Jul 21, 2009
2
0
Status
Hello,

I attended UC Santa Cruz in 1995 for 3 years. I have 103 credits (I think those are quarter credits, not semester credits). I finished all of my lower classes and some of my classes for a Biology BS Major. I plan on applying these credits toward another 4 year school in my current town, San Diego.

I want to work with animals, most likely as a veterinarian but I really just want to get out of the work I'm doing now, computer work. I've been doing IT systems work now for about 9 years. I'm ready to move onto something I'm more passionate about which is helping people, animals, and science.

I'm kind of torn on where to really start. So far I've got my official transcripts from UCSC, applied to almost all the animal shelters I could find with a google search in my area to volunteer. The one I've gone to so far, Helen Woodward, says you need experience with horses to volunteer in the equine hospital, I don't have any formal experience with animals on any job, other than just owning pets and riding horses as a kid. I really want to just get my hands dirty in the field and find out what interests me.

Is volunteering at animal shelters the way to start? There's also a Project Wildlife in San Diego that I put an app in to volunteer. I work M-F 8:30-5:30 so most of my volunteer work has to been nights or on the weekends for now. I also want to shadow an equine vet but...do I just look one up and call them and give them my story and ask to shadow?

Part 2. to my question is about schools. It seems like the only 4 year schools within my budget around here are UCSD and CSUSM. But it looks like I have to wait until Fall 2010 to start classes. That's over a year away! I REALLY want to start taking classess toward my BIO degree or even pre-vet as soon as possible. Where can I look to start doing that?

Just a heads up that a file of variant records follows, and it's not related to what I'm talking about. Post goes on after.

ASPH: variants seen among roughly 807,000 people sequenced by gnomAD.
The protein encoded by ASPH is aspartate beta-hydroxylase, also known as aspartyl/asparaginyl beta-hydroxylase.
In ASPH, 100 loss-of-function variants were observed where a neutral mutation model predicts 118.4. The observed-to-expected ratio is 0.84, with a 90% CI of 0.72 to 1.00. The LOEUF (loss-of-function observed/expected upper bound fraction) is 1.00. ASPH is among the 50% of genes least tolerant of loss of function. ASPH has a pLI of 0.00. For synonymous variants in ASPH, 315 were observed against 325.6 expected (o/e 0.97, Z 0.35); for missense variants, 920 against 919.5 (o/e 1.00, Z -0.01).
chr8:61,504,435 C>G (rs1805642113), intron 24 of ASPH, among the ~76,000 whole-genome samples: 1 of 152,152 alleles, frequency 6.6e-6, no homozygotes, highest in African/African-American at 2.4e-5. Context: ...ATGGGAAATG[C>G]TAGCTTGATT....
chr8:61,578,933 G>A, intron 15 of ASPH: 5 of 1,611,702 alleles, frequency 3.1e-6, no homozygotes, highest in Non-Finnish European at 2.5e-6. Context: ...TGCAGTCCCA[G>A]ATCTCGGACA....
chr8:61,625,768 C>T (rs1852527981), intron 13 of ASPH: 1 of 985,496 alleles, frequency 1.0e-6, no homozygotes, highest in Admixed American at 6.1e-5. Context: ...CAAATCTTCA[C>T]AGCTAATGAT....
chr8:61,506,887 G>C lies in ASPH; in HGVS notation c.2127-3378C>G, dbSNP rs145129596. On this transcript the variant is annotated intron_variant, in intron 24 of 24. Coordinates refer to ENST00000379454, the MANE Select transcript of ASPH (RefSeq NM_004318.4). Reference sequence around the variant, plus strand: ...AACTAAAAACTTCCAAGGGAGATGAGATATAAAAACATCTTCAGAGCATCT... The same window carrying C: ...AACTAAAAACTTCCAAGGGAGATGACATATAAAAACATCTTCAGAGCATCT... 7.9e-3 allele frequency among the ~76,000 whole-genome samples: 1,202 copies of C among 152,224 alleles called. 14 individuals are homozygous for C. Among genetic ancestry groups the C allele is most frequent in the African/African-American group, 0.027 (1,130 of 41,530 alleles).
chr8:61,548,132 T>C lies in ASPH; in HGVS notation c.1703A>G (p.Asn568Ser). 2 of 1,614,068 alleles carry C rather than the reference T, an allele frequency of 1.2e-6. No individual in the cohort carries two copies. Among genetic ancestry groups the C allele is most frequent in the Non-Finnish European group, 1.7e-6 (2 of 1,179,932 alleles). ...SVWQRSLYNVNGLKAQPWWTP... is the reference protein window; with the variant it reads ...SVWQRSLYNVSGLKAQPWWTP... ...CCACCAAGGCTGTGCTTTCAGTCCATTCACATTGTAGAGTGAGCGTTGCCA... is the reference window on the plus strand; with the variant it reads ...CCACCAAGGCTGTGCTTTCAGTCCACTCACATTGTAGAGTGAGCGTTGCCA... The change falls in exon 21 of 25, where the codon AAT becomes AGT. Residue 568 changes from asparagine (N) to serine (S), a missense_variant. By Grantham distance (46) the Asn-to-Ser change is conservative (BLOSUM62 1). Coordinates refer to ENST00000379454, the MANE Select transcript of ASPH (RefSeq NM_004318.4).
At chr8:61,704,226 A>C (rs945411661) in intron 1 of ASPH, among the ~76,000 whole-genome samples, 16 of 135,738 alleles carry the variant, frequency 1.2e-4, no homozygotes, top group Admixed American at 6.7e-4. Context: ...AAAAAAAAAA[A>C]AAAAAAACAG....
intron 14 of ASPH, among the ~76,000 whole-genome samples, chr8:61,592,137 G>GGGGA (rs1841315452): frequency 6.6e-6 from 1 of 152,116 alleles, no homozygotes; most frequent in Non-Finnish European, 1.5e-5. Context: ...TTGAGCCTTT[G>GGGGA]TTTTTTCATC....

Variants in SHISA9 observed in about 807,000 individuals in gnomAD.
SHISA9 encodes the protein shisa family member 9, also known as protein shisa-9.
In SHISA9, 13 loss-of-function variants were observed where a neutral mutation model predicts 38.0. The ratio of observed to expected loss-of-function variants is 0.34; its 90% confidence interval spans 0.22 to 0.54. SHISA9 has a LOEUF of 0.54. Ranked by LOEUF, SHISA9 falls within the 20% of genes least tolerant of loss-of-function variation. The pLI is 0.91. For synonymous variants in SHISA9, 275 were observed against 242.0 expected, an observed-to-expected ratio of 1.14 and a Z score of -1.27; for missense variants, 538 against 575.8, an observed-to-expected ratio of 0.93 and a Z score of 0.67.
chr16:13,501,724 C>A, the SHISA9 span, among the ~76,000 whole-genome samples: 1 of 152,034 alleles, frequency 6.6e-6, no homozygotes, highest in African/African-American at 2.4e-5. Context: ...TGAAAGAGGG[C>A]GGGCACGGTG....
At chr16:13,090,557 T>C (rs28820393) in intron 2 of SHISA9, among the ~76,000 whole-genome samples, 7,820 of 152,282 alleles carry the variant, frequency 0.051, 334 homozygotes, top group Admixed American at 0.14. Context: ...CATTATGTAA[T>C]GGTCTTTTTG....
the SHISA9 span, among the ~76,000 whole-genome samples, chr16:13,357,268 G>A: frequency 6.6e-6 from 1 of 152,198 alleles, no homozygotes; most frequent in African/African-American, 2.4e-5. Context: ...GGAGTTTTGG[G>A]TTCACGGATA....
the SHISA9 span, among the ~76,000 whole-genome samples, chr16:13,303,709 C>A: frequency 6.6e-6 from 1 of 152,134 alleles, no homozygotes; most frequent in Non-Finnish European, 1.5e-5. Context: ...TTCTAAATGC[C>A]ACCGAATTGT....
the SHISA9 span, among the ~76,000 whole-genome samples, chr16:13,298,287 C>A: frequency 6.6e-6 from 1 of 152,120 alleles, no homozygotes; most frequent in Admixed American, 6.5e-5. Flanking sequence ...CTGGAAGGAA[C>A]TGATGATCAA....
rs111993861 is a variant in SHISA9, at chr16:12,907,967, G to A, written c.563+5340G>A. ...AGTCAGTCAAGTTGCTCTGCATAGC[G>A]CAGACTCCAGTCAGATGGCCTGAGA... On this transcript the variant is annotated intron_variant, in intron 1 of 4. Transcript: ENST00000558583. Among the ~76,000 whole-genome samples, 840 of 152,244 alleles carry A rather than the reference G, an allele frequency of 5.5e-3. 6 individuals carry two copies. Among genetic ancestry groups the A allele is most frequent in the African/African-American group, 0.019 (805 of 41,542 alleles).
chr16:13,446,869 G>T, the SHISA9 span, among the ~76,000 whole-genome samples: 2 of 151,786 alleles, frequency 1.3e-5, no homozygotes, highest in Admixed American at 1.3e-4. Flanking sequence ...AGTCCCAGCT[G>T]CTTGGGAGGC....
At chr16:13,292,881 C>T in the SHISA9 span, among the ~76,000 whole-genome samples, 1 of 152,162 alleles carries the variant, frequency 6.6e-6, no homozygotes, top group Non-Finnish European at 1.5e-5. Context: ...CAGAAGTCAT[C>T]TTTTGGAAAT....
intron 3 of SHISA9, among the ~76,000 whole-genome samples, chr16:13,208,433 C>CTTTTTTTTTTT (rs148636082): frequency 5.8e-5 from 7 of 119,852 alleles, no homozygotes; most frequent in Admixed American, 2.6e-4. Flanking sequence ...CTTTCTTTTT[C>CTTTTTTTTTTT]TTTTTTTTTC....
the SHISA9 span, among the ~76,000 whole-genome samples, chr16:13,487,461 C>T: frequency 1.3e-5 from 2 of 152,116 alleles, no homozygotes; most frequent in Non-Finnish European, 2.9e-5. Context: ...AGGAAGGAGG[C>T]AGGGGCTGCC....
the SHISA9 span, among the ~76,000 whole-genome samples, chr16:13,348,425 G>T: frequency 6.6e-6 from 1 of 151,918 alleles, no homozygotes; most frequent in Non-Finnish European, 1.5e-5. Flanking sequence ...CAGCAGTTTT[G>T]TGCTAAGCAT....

Thanks for any info you can give. If you have any further questions for me to clarify the direction I want to go, please ask. thanks
 

rileyroo

Auburn 2014
Jun 22, 2009
1,080
2
Status
Veterinary Student
hi, and welcome! if you are looking to gain hours during nights and weekends, i would recommend finding an emergency clinic with later hours to shadow a vet and gain initial experience.

as for gaining experience with an equine vet, i would call them as tell them you are interested in gaining experience in that field. when you say "tell them your story"...i would just tell them your interests in veterinary medicine and possibly what you are looking for/hoping to gain.

good luck!!
 

CatVet2Be

OSU CVM c/o 2013
10+ Year Member
Nov 26, 2008
327
1
Status
Veterinary Student
You shouldn't have to wait until 2010 to gt started. Look into the extension courses through UCSD. Usually you need to contact them the quarter prior to enrollment so you might still have time to get in this fall. As for equine experience you could also call horse coarding facilities and ask if you can shadow one of the vets they use. They may be able to put you in contact with someone. Helen Woodward is a great place, one of the nicest shelters around so if you get an opportunity to volunteer there you'll definitely enjoy it. Also there are local spay/neuter organizations that always need volunteers. Check out the feral cat coalition, they meet the second Sunday of every month in different places around the county. The first time you'll probably be in recovery watching the cats but after that you can get a position inside in the prep area. Neuter Scooter is also a great place where you can get tons of small animal surgical experience. In most places if you have limited animal experience expect to be cleaning surgical packs and doing other busy work until you build your experience and become good at restraining. Once you learn how todo that it will be much, much easier to get positions that require more hands on work. Good Luck!
 

quakk

10+ Year Member
Jul 19, 2005
84
0
Status
Non-Student
hi!

your situation sounds vaguely familiar - i found myself in almost exactly the same situation a few years ago.